One of the largest big mountain ski and snowboard competitions is coming to Alaska for the first time.
The Freeride World Tour is headed to the towering peaks near Haines and some of the best extreme skiing terrain in the state.
The Freeride tour stops in Haines on March 14 as one of five international destinations and the only one in the U.S. this year. Athletes in the tour have also competed in Austria, Italy and France this winter. The tour travels to Switzerland later in March.
This is the extreme ski competition’s first time in Alaska.
“The athletes have been driving this,” says Haines Tourism Director Leslie Ross. “They are the ones who want to be here and ski our big mountains. So I think they’ve been asking for this stop. Haines is known worldwide now for our amazing ski conditions and big mountain skiing.”
Ross says 36 ski and snowboard athletes will arrive in Haines to compete. Combined with the media and organizers traveling with the event, there will be more than 100 people arriving, filling up every hotel room available here this time of year.
Ross says planning for the event is challenging since its dependent on weather and snow conditions. But she’s working with local businesses to make sure the town has enough services for the influx of international winter visitors.
But let’s talk about the actual skiing for a minute. The athletes have to be fearless but not careless. They earn points from judges for maneuvering and finessing steep slopes with obstacles like rock outcroppings and trees.
Leading the competition coming to Haines is New Zealand skier Sam Smoothy. At the last tour stop in Andorra, he had what many freeride enthusiasts are calling one of the best runs ever in the competition (see video.)
Freeride is hoping to use an area called Telemark Ridge for the competition. Unlike other stops on the tour, there is no infrastructure in the nearby mountains to support spectators or a base of operations.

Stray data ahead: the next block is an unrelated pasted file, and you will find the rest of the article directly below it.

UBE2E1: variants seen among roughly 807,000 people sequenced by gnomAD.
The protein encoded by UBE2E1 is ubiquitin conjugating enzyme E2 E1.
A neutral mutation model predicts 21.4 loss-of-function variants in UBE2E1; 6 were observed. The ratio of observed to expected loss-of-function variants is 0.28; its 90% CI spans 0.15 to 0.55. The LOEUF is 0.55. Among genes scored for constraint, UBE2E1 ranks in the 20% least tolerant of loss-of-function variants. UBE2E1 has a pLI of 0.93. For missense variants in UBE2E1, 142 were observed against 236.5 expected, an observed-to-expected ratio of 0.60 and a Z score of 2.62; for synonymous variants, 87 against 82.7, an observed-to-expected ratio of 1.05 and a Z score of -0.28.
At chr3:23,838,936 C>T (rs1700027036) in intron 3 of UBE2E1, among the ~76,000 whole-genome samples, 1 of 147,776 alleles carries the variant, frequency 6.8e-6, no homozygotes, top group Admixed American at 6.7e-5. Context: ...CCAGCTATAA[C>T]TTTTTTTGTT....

“Usually when this event is put on at a ski area, there’s a lodge and a facility where everything happens at,” Ross says. “So, they have their office because they live stream all this so there’s a lot of technology involved. And they have their rider’s lounge where the athlete’s area and they have a viewing area. But because of where we are in Haines, we have things spread out all over the place.”
Freeride is partnering with Southeast Alaska Backcountry Adventures to transport athletes and event staff to the mountains by helicopter. The Alaska Heliskiing company is not associated with the event, but lead guide Tim Thomas says it’s a boon for the town.
“It’s magical, it’s the best thing ever because Haines is so great for the summertime for having events and there’s nothing like that in the wintertime and here’s an opportunity for that for the community where’s there’s something going on. So I think it’s awesome. It’s a beautiful thing for Haines.”
Ross is working with organizers to set up a viewing area in town for the competition. When the weather is clear, the face of Telemark Ridge is visible from downtown Haines.
The tour uses social media and live video feed to broadcast the event. Live feed will be difficult from Haines, but the borough is allowing the tour to base their operations at the Haines School since the school has the best bandwidth for internet in town and it is spring break for students.
The tour will host several events in town for athletes and organizers. The public is invited to a welcome reception at the Sheldon Museum on March 13 from 4:30 to 6:30 and starting at 7:30 p.m. after the awards banquet at Harriet Hall on race day.